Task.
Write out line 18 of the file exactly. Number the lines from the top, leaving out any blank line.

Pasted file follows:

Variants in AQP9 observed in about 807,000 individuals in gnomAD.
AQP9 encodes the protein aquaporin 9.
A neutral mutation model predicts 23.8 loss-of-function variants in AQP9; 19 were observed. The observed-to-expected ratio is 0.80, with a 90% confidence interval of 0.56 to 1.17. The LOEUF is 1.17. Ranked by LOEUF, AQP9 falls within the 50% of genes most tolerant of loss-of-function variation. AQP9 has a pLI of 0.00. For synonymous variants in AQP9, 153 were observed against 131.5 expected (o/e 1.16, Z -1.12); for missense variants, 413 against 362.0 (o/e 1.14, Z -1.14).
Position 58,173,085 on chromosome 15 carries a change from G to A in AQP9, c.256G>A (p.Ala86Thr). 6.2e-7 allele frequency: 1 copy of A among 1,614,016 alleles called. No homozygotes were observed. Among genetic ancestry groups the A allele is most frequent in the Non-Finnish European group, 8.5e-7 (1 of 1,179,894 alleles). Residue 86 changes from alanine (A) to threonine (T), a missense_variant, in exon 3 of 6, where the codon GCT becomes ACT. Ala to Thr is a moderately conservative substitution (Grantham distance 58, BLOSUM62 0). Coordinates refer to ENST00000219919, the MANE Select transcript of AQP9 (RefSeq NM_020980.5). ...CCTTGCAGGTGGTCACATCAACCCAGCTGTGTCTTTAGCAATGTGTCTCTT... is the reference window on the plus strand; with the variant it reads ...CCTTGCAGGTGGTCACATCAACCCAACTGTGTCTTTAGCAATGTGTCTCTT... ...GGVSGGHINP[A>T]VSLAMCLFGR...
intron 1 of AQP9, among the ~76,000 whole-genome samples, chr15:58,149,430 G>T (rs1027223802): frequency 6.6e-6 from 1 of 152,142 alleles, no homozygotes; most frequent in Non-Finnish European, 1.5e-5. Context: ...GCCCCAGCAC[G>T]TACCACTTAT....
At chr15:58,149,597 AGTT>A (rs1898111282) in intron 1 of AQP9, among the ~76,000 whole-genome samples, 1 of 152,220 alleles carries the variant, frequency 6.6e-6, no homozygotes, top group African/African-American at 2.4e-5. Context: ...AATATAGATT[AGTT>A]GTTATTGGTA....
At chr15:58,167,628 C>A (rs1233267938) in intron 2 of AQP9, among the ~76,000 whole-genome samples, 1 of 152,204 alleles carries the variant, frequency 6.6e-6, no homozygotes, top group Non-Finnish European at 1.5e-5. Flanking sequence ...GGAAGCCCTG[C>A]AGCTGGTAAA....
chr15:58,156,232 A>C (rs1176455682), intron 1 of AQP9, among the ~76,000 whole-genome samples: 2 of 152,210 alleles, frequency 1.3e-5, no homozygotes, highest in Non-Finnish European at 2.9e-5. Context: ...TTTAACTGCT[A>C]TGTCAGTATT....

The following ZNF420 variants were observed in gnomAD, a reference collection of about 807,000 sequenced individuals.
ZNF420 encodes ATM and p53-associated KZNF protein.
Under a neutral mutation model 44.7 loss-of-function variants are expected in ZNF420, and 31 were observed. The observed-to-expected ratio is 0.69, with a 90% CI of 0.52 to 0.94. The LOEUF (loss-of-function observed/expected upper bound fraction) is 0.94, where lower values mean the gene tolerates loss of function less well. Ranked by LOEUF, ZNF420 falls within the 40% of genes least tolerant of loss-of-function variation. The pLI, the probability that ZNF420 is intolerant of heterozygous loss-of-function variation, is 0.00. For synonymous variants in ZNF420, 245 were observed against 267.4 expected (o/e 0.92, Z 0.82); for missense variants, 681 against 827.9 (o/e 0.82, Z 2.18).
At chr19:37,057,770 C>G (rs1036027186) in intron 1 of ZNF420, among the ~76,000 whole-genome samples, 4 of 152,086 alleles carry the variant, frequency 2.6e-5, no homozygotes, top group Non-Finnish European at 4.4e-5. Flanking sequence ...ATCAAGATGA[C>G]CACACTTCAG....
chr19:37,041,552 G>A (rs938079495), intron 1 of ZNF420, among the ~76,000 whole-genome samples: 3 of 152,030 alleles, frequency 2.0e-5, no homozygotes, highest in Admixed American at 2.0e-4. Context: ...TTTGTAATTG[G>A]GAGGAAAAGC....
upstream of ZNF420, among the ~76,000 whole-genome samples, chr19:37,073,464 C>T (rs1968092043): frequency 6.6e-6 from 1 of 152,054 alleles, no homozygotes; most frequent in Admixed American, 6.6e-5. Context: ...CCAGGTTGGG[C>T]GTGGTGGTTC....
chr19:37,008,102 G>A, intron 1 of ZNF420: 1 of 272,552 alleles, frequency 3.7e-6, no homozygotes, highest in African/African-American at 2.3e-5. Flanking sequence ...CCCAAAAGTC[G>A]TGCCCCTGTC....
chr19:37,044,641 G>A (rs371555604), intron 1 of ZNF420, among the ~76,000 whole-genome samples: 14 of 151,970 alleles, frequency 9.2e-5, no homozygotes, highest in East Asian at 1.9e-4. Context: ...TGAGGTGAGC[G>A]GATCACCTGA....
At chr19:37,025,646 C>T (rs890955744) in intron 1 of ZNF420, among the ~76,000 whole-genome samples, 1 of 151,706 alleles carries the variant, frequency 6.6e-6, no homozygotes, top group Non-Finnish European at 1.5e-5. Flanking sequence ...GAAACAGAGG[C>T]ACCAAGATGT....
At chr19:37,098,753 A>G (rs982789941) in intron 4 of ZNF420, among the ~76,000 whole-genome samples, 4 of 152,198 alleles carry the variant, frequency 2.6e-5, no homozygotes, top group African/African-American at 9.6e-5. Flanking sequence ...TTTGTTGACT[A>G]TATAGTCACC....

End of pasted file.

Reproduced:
At chr19:37,098,753 A>G (rs982789941) in intron 4 of ZNF420, among the ~76,000 whole-genome samples, 4 of 152,198 alleles carry the variant, frequency 2.6e-5, no homozygotes, top group African/African-American at 9.6e-5. Flanking sequence ...TTTGTTGACT[A>G]TATAGTCACC....